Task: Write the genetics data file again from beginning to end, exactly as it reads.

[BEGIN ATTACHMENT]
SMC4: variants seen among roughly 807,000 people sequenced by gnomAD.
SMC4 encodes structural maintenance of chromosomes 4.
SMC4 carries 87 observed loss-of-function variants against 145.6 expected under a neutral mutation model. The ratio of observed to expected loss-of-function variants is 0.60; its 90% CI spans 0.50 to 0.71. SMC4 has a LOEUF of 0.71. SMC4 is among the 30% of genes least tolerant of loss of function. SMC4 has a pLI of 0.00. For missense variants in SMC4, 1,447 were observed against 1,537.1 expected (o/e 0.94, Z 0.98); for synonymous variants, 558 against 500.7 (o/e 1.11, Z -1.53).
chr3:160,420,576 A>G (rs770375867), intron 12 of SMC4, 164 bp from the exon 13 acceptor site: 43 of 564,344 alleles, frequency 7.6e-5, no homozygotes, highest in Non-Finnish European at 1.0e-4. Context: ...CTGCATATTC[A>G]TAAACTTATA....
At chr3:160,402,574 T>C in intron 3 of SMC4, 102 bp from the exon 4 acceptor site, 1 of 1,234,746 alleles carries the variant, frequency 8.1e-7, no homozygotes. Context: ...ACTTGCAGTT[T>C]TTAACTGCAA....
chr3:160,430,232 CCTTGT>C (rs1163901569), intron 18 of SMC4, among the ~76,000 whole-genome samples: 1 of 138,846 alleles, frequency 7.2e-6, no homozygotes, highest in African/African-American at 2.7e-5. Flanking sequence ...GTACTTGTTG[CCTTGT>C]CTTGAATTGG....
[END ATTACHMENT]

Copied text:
SMC4: variants seen among roughly 807,000 people sequenced by gnomAD.
SMC4 encodes structural maintenance of chromosomes 4.
SMC4 carries 87 observed loss-of-function variants against 145.6 expected under a neutral mutation model. The ratio of observed to expected loss-of-function variants is 0.60; its 90% CI spans 0.50 to 0.71. SMC4 has a LOEUF of 0.71. SMC4 is among the 30% of genes least tolerant of loss of function. SMC4 has a pLI of 0.00. For missense variants in SMC4, 1,447 were observed against 1,537.1 expected (o/e 0.94, Z 0.98); for synonymous variants, 558 against 500.7 (o/e 1.11, Z -1.53).
chr3:160,420,576 A>G (rs770375867), intron 12 of SMC4, 164 bp from the exon 13 acceptor site: 43 of 564,344 alleles, frequency 7.6e-5, no homozygotes, highest in Non-Finnish European at 1.0e-4. Context: ...CTGCATATTC[A>G]TAAACTTATA....
At chr3:160,402,574 T>C in intron 3 of SMC4, 102 bp from the exon 4 acceptor site, 1 of 1,234,746 alleles carries the variant, frequency 8.1e-7, no homozygotes. Context: ...ACTTGCAGTT[T>C]TTAACTGCAA....
chr3:160,430,232 CCTTGT>C (rs1163901569), intron 18 of SMC4, among the ~76,000 whole-genome samples: 1 of 138,846 alleles, frequency 7.2e-6, no homozygotes, highest in African/African-American at 2.7e-5. Flanking sequence ...GTACTTGTTG[CCTTGT>C]CTTGAATTGG....